Senator Bartolotta E-Newsletter

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In this Update:

  • Senate Set to Question Wolf Administration on Spending Plan
  • Thank You for Talking with Me About State Issues
  • Continuing to Impact Our Region Through Innovation
  • PIAA Rifle Team State Championships
  • Help for Families Navigating the College Aid Process
  • New Helpline Available for Farmers Seeking Mental Health Services
  • Halting the Rise in Pennsylvania Traffic Fatalities

Senate Set to Question Wolf Administration on Spending Plan

On Feb. 8, Gov. Wolf proposed a $45.7 billion state budget for 2022-23 that would increase spending by $4.5 billion, create a $1.3 billion deficit in the following year and produce a $13 billion deficit by 2026-27.

Next week, the Senate Appropriations Committee kicks off four weeks of public hearings to review the spending plan and question administration officials in preparation for developing a more responsible budget prior to the June 30 constitutional deadline.

You can find livestreams of the hearings, video of previous hearings and daily recaps here. I’ll report back each week with updates on this important process.

Thank You for Talking with Me About State Issues

Last week, residents from throughout the 46th Legislative District joined me for a telephone town hall meeting. We discussed workforce development, jobs and issues impacting seniors.

Special thanks to our panelists, including Ami Gatts, director of the Southwest Corner Workforce Development Board; Leslie Grenfell, executive director for the Southwestern PA Area Agency on Aging, Inc.; and Jeff Kotula, president of the Washington County Chamber of Commerce.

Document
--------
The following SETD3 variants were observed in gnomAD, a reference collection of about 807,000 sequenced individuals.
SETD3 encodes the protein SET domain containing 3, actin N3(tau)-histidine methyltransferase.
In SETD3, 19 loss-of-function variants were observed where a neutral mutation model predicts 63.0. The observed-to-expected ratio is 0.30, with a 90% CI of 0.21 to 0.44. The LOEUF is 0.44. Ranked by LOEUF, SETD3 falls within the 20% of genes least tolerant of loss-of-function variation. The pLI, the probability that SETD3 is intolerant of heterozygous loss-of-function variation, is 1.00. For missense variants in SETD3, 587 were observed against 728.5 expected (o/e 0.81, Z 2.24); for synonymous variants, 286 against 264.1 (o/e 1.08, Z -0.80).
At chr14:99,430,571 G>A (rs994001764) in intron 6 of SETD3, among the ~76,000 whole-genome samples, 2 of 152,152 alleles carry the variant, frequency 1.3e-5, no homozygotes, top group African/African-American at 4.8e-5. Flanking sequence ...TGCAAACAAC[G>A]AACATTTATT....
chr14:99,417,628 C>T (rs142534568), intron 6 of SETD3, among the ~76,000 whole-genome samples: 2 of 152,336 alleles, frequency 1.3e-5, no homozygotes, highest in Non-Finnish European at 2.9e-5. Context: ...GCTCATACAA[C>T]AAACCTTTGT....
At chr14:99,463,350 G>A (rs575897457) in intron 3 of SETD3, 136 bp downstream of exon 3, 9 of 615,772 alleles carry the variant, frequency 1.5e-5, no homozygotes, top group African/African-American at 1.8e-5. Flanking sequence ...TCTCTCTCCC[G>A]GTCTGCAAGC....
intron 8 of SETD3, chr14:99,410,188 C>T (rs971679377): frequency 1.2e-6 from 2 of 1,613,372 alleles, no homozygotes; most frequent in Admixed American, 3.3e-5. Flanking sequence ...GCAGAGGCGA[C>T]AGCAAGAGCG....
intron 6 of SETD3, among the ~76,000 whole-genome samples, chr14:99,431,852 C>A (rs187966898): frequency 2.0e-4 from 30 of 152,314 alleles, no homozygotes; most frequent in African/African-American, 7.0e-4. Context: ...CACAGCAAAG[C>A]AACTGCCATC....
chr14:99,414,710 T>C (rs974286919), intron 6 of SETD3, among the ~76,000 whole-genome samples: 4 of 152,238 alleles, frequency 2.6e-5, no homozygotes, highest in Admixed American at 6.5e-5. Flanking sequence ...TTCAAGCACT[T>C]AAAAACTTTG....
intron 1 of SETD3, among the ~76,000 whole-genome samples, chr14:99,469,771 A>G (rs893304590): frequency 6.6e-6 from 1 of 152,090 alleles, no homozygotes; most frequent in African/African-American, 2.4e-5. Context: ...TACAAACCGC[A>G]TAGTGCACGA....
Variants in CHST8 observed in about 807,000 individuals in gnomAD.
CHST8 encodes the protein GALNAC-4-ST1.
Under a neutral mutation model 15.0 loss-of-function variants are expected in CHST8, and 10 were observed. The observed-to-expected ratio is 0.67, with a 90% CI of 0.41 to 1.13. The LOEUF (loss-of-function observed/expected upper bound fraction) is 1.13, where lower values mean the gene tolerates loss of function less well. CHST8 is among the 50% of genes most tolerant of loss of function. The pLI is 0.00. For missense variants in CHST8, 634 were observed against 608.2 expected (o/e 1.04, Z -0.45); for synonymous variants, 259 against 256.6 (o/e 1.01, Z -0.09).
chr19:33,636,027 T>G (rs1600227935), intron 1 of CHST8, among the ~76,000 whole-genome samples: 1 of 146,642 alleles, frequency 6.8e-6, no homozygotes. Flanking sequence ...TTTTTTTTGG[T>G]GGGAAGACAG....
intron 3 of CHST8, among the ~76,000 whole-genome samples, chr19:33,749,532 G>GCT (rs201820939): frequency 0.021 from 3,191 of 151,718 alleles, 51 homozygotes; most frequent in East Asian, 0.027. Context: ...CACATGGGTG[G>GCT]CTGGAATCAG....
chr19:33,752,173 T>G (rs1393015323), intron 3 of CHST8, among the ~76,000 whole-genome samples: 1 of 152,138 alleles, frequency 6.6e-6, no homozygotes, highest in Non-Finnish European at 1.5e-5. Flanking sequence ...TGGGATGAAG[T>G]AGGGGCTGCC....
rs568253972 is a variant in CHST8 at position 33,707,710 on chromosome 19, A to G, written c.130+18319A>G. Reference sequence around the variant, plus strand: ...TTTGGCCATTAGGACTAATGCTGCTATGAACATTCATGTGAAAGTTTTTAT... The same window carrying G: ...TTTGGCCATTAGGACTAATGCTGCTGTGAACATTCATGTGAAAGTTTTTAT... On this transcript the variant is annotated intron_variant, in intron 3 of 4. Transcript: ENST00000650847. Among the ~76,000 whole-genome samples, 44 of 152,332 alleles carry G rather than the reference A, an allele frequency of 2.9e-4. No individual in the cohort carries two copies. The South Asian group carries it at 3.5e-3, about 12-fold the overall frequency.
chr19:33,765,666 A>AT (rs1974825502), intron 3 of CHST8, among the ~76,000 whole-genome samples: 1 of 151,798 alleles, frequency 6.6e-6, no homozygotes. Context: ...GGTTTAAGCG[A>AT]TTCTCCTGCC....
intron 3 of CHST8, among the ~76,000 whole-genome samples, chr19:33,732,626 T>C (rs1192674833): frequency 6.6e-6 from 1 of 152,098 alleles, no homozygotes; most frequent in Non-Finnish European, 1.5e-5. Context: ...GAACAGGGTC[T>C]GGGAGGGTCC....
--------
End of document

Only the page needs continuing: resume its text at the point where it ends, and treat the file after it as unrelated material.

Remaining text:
I appreciated the opportunity to discuss issues that are significant to my constituents and hear their thoughts on important issues. Thank you to everyone who made the call a success.

If you missed the call but would like to participate in the future, please register online.

2/10/22 - Telephone Townhall: Workforce Development, Jobs and Issues Impacting Seniors

Continuing to Impact Our Region Through Innovation

This week, I had a chance to meet with part of the leadership team at Guttman Energy, located in the heart of the Mon Valley. This is a wonderful family-owned business that is always working to create solutions and opportunities for the region and commonwealth. During the meeting, I was briefed on the objectives, design, and details of a new project that will be environmentally beneficial.

Pictured from left: Mark Harper, James Guttman, Amy Bitz and Adam Dunlap.

PIAA Rifle Team State Championships

I stopped by the Dormont Mt. Lebanon Sportsmen’s Club in Canonsburg during the western portion of the PIAA Rifle Team State Championships. I ran into the WPIAL Section 2 Champs Trinity Area School District Rifle Team just as they fired their final rounds in the indoor range. We all wish them the best of luck as the results are scanned in from across the state during the next few weeks.

I also wanted to recognize Riley Dunn of McGuffey High School as she took first place in the WPIAL Rifle Individual Championships and received the Taylor-Eddy Award, which is presented by the Dormont Mt. Lebanon Sportsmen’s Club. Of course, I would also like to thank Ted Hildabrand and all the sportsmen’s club members and volunteers who helped host the championships in the last few weeks!

I am pictured with the Trinity Rifle Team.